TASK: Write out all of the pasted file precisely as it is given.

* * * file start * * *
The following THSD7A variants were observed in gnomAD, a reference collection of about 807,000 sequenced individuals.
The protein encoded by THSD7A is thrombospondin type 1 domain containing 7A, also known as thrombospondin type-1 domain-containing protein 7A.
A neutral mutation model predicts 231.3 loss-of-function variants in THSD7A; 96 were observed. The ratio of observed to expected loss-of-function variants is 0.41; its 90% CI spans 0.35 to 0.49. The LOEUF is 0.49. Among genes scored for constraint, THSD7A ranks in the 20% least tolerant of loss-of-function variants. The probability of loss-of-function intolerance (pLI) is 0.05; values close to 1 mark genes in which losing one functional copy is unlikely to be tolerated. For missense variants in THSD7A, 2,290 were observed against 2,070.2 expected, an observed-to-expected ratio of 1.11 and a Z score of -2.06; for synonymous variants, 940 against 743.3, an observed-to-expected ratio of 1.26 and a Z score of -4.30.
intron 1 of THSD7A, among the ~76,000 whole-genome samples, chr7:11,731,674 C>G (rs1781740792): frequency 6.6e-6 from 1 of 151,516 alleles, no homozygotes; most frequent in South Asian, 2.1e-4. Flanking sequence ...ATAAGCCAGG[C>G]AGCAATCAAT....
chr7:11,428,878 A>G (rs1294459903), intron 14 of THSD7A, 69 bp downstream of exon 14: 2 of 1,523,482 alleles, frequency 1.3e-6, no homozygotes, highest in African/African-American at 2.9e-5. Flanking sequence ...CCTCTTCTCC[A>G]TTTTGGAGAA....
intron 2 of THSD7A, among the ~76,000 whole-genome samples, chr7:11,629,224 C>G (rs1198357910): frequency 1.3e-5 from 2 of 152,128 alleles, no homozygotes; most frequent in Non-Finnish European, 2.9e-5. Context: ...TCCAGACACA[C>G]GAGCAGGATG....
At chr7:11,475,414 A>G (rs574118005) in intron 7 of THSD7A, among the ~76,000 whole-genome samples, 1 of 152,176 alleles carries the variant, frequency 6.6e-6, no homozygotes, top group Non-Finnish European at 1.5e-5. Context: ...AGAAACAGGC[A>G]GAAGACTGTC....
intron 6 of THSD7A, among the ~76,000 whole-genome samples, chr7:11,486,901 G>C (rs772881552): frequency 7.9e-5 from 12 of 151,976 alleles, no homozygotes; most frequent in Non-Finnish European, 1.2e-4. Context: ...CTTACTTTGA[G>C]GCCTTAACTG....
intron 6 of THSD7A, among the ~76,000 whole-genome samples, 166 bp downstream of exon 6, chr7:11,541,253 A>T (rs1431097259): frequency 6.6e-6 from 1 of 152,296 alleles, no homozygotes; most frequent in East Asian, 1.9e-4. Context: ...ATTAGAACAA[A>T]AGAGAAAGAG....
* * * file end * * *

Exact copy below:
The following THSD7A variants were observed in gnomAD, a reference collection of about 807,000 sequenced individuals.
The protein encoded by THSD7A is thrombospondin type 1 domain containing 7A, also known as thrombospondin type-1 domain-containing protein 7A.
A neutral mutation model predicts 231.3 loss-of-function variants in THSD7A; 96 were observed. The ratio of observed to expected loss-of-function variants is 0.41; its 90% CI spans 0.35 to 0.49. The LOEUF is 0.49. Among genes scored for constraint, THSD7A ranks in the 20% least tolerant of loss-of-function variants. The probability of loss-of-function intolerance (pLI) is 0.05; values close to 1 mark genes in which losing one functional copy is unlikely to be tolerated. For missense variants in THSD7A, 2,290 were observed against 2,070.2 expected, an observed-to-expected ratio of 1.11 and a Z score of -2.06; for synonymous variants, 940 against 743.3, an observed-to-expected ratio of 1.26 and a Z score of -4.30.
intron 1 of THSD7A, among the ~76,000 whole-genome samples, chr7:11,731,674 C>G (rs1781740792): frequency 6.6e-6 from 1 of 151,516 alleles, no homozygotes; most frequent in South Asian, 2.1e-4. Flanking sequence ...ATAAGCCAGG[C>G]AGCAATCAAT....
chr7:11,428,878 A>G (rs1294459903), intron 14 of THSD7A, 69 bp downstream of exon 14: 2 of 1,523,482 alleles, frequency 1.3e-6, no homozygotes, highest in African/African-American at 2.9e-5. Flanking sequence ...CCTCTTCTCC[A>G]TTTTGGAGAA....
intron 2 of THSD7A, among the ~76,000 whole-genome samples, chr7:11,629,224 C>G (rs1198357910): frequency 1.3e-5 from 2 of 152,128 alleles, no homozygotes; most frequent in Non-Finnish European, 2.9e-5. Context: ...TCCAGACACA[C>G]GAGCAGGATG....
At chr7:11,475,414 A>G (rs574118005) in intron 7 of THSD7A, among the ~76,000 whole-genome samples, 1 of 152,176 alleles carries the variant, frequency 6.6e-6, no homozygotes, top group Non-Finnish European at 1.5e-5. Context: ...AGAAACAGGC[A>G]GAAGACTGTC....
intron 6 of THSD7A, among the ~76,000 whole-genome samples, chr7:11,486,901 G>C (rs772881552): frequency 7.9e-5 from 12 of 151,976 alleles, no homozygotes; most frequent in Non-Finnish European, 1.2e-4. Context: ...CTTACTTTGA[G>C]GCCTTAACTG....
intron 6 of THSD7A, among the ~76,000 whole-genome samples, 166 bp downstream of exon 6, chr7:11,541,253 A>T (rs1431097259): frequency 6.6e-6 from 1 of 152,296 alleles, no homozygotes; most frequent in East Asian, 1.9e-4. Context: ...ATTAGAACAA[A>T]AGAGAAAGAG....